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The REBIRTH Of Zach Snyder’s Justice League

Fans of Zach Snyder’s contribution to the DC Extended Universe (Man of Steel, Batman V Superman) were treated to a delightful trailer for his ‘Justice League: The Snyder Cut’ at DC FanDome! If you’ve seen the controversy circling this, then you’ll know that the Justice League film we got back in 2017 wasn’t at all a reflection of Snyder’s work. After pulling out of the project to attend to some unfortunately tragic personal issues, the studio pulled Joss Whedon (Director of The Avengers, 2012) to complete the film. However, Whedon took issue with much of Snyder’s work. In fact, one might be genuinely concerned as to why the studio thought it would be a good idea to get a director with a completely different tone and filmography to the initial director to take over his project. Needless to say, the film bombed and fans and critics alike were not happy…

"The film failed to do the bare minimum of making the actual characters the centrepiece of the film"

The film was almost entirely reshot and consequently ridden with tonal inconsistencies, exhausted actors, a bland and uninspired eyesore of a colour palette, misleading and incoherent side plots and underwhelming set pieces. The biggest travesty of it all? The film failed to do the bare minimum of making the actual characters in the Justice League itself, the centrepiece of the film, unlikable, boring 2-dimensional exposition machines. If you’ve seen any of Zach Snyder’s work, you’ll know him to be a very thought-provoking director – all through his dialogue, themes and visuals. Whedon’s input in this project has no semblance of that, at all. It was so bad in fact, that both Ben Affleck and Henry Cavill walked from their roles as Batman and Superman. Everything they knew their characters to be from the previous films had been violently turned on its head and moulded into something completely different. Danny Elfman was brought onto the project to compose the soundtrack however it felt like it was consistently pandering to his old 1989 Batman theme and John Williams’ Superman theme – yes, those themes actually appeared in the 2017 movie. Junkie XL had composed the music alongside Hans Zimmer for Man of Steel and Batman V Superman and brought a sense of wonder, scale and enchantment to the music that reflected the tone of the films brilliantly. However, now all of that was gone.

Batman V Superman, although considered to be a flawed departure from the characters we know and love, provokes questions of humanity from every main character in the film. It explores the descent of pain, trauma and fear and a lack of control. A lack of understanding in a world reshaped by the events in which introduced a God to the people of earth. For a full in-depth analysis of the characters and themes within Batman V Superman, visit my video ‘The Psychology of Batman in Film’ on YouTube. Snyder uses these characters to his advantage, he takes them to places unexplored to be used as vessels for communicating powerful real-life themes. He takes that core element of why a superhero is invented such as to inspire hope, and crafts them into a powerful conflict of layered, deep themes. So what happens when all of that passion, emotion and genuine heartfelt consideration for each character is gone? We get whatever the 2017 Justice League film was.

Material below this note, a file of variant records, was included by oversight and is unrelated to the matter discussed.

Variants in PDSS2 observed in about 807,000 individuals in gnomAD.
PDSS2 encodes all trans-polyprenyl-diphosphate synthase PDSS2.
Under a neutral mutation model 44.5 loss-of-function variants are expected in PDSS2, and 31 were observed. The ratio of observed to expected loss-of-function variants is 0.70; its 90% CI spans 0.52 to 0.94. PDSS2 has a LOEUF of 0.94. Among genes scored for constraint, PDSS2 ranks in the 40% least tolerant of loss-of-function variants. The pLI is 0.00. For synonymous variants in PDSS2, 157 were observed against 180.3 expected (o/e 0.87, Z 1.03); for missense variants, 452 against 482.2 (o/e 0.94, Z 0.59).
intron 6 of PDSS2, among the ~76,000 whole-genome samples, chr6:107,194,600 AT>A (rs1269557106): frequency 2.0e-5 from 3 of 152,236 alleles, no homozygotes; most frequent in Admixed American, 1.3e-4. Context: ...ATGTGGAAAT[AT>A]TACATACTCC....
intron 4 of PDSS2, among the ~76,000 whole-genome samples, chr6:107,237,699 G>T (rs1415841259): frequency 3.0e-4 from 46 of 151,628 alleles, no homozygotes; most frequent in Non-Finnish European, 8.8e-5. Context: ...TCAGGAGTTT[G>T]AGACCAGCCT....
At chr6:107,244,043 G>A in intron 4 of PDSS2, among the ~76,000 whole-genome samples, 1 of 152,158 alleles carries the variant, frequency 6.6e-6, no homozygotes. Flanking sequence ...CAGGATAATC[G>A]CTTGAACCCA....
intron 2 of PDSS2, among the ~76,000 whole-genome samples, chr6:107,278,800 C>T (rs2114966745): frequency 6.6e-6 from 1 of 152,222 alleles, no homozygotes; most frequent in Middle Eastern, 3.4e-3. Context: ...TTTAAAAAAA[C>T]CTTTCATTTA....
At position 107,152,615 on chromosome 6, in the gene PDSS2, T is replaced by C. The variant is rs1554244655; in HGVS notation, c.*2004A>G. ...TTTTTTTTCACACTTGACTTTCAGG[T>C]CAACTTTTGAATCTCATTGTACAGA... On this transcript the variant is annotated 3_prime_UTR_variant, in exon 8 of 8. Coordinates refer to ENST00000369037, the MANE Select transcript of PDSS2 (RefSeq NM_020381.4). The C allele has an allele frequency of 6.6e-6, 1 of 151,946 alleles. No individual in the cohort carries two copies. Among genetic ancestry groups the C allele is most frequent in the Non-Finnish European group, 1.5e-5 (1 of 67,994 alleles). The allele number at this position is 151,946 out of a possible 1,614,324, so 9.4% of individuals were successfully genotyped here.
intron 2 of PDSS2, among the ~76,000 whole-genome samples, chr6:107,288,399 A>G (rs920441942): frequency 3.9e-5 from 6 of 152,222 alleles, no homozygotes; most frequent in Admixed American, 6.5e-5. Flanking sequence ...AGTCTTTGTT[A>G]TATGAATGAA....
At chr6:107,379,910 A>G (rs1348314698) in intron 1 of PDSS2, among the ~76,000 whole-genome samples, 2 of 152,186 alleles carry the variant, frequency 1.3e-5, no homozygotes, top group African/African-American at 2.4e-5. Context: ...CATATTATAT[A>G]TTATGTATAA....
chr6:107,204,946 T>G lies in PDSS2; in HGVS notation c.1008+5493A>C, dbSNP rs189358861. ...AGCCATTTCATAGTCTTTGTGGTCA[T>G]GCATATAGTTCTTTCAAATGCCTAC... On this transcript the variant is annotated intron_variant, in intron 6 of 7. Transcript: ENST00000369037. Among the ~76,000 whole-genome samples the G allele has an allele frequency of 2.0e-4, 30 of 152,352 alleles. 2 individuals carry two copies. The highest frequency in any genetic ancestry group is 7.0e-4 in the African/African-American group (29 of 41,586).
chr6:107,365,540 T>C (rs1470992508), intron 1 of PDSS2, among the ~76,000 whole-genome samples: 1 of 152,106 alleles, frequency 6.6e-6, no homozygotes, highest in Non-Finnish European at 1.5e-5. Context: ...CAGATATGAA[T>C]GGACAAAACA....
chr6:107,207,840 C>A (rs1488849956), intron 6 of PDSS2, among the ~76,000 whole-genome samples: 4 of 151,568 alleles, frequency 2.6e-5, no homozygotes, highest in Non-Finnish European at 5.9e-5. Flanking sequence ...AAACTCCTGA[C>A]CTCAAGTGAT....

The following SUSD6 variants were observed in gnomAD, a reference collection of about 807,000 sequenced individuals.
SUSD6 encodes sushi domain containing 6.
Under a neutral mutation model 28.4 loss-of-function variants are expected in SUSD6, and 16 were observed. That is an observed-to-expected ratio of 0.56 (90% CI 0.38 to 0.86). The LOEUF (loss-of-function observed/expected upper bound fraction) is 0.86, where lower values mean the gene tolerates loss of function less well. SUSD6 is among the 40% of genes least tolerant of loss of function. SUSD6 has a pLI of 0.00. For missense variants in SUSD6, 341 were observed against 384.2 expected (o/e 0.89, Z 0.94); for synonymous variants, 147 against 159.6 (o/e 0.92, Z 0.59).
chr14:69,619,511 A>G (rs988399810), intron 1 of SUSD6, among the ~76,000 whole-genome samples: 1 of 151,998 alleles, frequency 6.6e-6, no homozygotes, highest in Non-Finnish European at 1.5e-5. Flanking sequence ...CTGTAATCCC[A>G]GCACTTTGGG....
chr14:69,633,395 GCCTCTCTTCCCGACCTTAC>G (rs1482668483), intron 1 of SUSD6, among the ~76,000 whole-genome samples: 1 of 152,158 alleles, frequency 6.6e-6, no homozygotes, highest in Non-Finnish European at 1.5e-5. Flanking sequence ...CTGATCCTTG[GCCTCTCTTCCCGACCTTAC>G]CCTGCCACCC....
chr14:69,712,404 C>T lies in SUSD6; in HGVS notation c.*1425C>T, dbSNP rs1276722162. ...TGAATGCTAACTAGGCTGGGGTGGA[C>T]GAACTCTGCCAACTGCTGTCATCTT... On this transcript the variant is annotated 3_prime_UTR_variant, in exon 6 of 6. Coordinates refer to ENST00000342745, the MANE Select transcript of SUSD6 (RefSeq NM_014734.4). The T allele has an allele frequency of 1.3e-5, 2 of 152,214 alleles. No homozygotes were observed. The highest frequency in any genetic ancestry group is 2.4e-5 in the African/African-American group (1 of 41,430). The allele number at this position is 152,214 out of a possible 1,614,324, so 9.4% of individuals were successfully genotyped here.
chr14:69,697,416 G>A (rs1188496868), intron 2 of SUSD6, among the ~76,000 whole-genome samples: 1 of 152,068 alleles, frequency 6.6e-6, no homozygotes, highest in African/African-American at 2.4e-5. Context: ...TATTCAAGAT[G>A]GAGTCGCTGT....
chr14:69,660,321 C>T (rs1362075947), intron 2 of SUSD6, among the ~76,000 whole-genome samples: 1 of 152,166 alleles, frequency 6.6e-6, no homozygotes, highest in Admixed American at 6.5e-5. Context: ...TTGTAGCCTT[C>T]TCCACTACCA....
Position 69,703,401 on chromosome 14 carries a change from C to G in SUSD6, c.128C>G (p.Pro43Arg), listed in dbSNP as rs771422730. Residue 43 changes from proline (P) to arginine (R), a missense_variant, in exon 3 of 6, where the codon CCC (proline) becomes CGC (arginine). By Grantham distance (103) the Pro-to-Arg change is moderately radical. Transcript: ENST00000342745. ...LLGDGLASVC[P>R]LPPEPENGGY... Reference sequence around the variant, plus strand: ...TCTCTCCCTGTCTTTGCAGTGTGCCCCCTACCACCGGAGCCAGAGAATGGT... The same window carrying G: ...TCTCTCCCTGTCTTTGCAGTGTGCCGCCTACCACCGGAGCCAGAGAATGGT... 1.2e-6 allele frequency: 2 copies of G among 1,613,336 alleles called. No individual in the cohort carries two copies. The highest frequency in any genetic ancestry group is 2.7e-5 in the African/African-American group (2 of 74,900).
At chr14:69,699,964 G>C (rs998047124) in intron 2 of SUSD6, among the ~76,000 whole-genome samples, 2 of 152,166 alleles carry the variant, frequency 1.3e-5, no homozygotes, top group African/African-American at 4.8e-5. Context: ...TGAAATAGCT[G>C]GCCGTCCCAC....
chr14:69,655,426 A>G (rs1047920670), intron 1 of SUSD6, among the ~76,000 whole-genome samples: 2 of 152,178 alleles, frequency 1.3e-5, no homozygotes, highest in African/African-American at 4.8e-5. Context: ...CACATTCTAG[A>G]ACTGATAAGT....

The original cut still exists, just not within Whedon’s film. Despite the studio repeatedly claiming the cut doesn’t exist, because it would look pretty poor on their part, fans demanded and protested for Snyder’s vision to come to fruition. Recently a campaign for #ReleaseTheSnyderCut got so much attention that HBOMAX decided to fund Snyder’s original cut and it has since gone back into production. No longer is it a single 3-hour Justice League film, but instead a 4-part series with 1 hour-long episode which will be available on the streaming service. There are quite a lot more layers to this, but I don’t want this blog post to drag on.

So what’s the take away from all of this? Directors need to be able to breathe. Studios can’t force or impose restrictions and reshoots just to make money. Because at the end of the day, films are an art form and if directors are held back from sharing their vision, what is even the point? Films with passion and thought behind them will always have greater support and will be more likely to succeed then soulless cash-grabs. Audiences are smarter than what studios would like to believe. They want to be challenged, they want to see something they’ve never before seen, and they want to leave the cinema having changed in some way. If we’re just getting the same copy-paste uninspired action movies with sprinkled comedy, a surface-level plot and the most minimalised themes that art could communicate, then why should we watch them? I would rather watch 3 hours of the ‘failed’ Batman V Superman and really be confronted with the agonizing pitfalls of humanity depicted through Batman, Superman and Lex Luthor, then watch 2 hours of needlessly comedic, pointless action-drama in Ant-Man and the Wasp. There’s a reason why the support for Sam Raimi’s Spider-Man 1, 2 and 3 movies are still so strong. Because as cheesy as they are, they’ve got heart and a genuinely important story to tell. If you don’t have a story to tell, and an important message that services the characters then DON’T make a Superhero movie.

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Brick Banter is a Recognized LEGO Fan Media (RLFM) channel, with news and reviews created specifically for Adult Fans Of LEGO. Our articles are written by a team of fellow AFOLs that also share your passion for these wonderful plastic bricks.




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